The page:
For example, consider if you need to allow for some wind that is coming from the right to left. The SX400 has a touch screen that allows you to ‘virtually’ place where you would like the ball to be aimed. By moving the crosshairs on the SX400 touch screen to the right with your finger or thumb (to allow for the breeze), you will see an altered shot yardage based on that direction.
Here’s a video of a very similar situation to the one that I’ve just explained above showing the SkyCaddie being used on West Lothian Golf Club in Scotland:
Where the SX400 really comes into its own is when you want to play some new courses to get a bit of variety after playing at the same club course that you belong to for however many years. You know how it goes; it’s great to know the course but having played it a lot but sometimes you just desire to see other places.
Inevitably, when you take to each unfamiliar course, a laser rangefinder (if you happen to have one) isn’t always the best way to measure the distances, especially when you sometimes find yourself in an awkward spot or on a hole that you’ve never seen before and where the layout is a little bit deceptive.
You might be not exactly sure what you should be doing with your ball in every situation and a laser isn’t going tell you a whole lot when I need to know how the hole works with regard to ridges and where there are hazards, bunkers etc and where you should put it on the green.
Because of the fact that there’s just a lot that you don’t know when playing on a new course, I think that every serious golfer would really benefit from having a GPS unit like a SkyCaddie.
SX400 vs SX500 Skycaddie comparison
Many of you will be familiar with the existing SkyCaddie SX500 which came out before the SX400. So, what are the differences?
In short, the SX400 has a 4-inch screen vs a 5-inch screen on the SX500, so it’s more compact in nature. This slightly slimmed-down version has an appearance more like that of a smartphone. Apart from that, there is no difference at all in terms of functionality whatsoever.
The other main difference is the price. Although it is newer and does all of the same things as the SX500, the SX400 is also cheaper. So, by choosing it you get a slightly less bulky device to carry around the golf course and more money in your pocket.
Connectivity and Updating
Having consulted with long-time owners of Sky Caddie units, perhaps one of the things that you could have knocked them for in the past has been that you’ve had to update the unit over USB or some other corded means and that could be annoying for some people.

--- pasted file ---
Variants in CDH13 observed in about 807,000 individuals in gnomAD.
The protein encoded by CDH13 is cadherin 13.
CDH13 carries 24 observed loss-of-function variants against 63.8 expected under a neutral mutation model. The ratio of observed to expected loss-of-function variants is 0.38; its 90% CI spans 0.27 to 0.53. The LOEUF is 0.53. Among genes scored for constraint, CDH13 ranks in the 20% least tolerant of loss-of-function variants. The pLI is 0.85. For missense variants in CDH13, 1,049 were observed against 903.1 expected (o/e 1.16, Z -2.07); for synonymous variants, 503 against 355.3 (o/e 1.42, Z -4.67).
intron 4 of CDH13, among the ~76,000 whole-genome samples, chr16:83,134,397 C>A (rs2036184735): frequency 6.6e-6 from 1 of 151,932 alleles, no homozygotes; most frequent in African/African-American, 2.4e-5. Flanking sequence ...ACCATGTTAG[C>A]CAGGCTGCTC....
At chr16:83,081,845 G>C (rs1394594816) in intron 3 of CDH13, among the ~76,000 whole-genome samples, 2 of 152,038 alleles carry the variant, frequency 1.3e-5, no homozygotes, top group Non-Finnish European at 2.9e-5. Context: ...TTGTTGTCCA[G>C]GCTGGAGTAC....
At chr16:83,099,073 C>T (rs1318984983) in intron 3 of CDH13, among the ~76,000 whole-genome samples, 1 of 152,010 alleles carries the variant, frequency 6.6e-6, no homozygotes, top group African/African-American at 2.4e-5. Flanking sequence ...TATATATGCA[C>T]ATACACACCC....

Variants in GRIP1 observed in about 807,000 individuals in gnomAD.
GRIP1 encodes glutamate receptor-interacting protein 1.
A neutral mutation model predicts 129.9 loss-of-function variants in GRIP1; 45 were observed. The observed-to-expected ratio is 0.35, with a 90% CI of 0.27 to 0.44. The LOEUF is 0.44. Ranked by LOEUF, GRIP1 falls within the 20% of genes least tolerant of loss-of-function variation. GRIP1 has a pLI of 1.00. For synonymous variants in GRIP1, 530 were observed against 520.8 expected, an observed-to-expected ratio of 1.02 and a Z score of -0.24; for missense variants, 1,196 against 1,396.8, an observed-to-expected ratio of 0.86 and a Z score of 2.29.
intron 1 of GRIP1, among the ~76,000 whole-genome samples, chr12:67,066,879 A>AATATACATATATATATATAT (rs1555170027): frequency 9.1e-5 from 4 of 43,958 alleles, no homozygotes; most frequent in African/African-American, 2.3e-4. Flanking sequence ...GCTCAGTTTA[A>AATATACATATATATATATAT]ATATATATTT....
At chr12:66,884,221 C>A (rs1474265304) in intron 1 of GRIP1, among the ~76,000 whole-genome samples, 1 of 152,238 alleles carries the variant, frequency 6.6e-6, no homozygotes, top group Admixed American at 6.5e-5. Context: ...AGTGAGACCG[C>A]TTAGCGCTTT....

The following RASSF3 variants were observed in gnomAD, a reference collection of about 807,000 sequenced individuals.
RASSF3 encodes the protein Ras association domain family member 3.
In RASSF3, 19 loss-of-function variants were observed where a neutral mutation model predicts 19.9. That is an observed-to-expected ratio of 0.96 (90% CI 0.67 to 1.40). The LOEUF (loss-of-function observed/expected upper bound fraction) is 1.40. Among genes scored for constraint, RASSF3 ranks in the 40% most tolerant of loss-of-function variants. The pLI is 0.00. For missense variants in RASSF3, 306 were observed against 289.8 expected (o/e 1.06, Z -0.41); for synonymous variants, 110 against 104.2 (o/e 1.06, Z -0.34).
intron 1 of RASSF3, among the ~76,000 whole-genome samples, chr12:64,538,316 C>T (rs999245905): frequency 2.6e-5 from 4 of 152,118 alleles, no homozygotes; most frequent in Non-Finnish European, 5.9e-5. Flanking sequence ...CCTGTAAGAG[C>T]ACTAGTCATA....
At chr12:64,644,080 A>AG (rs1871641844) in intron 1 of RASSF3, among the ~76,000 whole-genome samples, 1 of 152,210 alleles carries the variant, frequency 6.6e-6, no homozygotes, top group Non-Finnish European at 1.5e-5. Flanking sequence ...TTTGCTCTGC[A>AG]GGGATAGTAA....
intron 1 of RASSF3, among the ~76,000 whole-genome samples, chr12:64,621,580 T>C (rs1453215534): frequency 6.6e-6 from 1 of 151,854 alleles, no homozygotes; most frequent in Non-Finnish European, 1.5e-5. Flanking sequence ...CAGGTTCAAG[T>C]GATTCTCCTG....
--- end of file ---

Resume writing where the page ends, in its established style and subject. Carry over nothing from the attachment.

A friend of mine who is a long-standing SkyCaddie user (SX500 older model) stands by it and has used it for probably the best part of a decade without any kind of complaint about it. However, when he upgraded to a Chromebook from his old PC he couldn’t update it any more. The only solution was that he had to go to his old computer and keep it running specifically for the purpose of updating his SkyCaddie!
The good news is that with the SX 400, it can update over Wi-Fi so you no longer have to connect your SkyCaddy unit to another device to update it. It just does it on the unit itself which is exactly what a modern device should do. The process has therefore now been made nice and simple.
It does recharge with a USB plug so it’s just like how you charge your phone – by connecting it to a socket in the wall just like you would your mobile phone.
Where can I buy a SkyCaddie SX400?
You can order these units online from Amazon – (Direct link to the product here) or at local golf courses. I was already signed up to Prime with the free delivery, so it made sense to get one via there rather than make a special trip to get it from a golf shop.
By arming me with all of the distance and obstacle related information that I could need and in any situation, this little device has helped me to improve the scores in my golf game. It’s smaller and lighter than its predecessor and this lack of bulk makes it that bit easier to fit in a standard pocket or carry around in a golf bag.
If you are thinking about choosing the SX500 over the SX400, then the only possible compelling reason would be that you prefer something with a bigger screen. The SX400 is, therefore, my preferred option.
Is the SX400 worth it?
It’s a fairly hefty investment considering what it provides you with, but in my case (as someone who plays at least one game per week) something that can save two to three strokes per round is worth that easily – which is about the benefit that I’m getting from it. That’s not based on actual data research, but I have noticed that my scores have been consistently lower since using it.
Even though this is not a cheap unit, it should be one that lasts a long time. If my friend’s old SkyCaddie is any kind of indication, ten years or so on, it still does everything it’s supposed to do. The big difference is that this newer SX 400 is far superior.
There is also a membership component to Sky Caddie. It’s $60 for a year which gives you the most up-to-date stuff for every golf course in the world. If you are a travelling golfer or someone who moves around fairly frequently or just likes to check out far-flung places, it’s going to be important to have that up-to-date information there on the device. You may think that it’s not worth it if you only play the same course all the time.
For an occasional player, buying the SX400 it’s probably something that you’d ponder a little more. If one thing is for certain, information is power on the golf course.
SkyCaddie SX400 Review,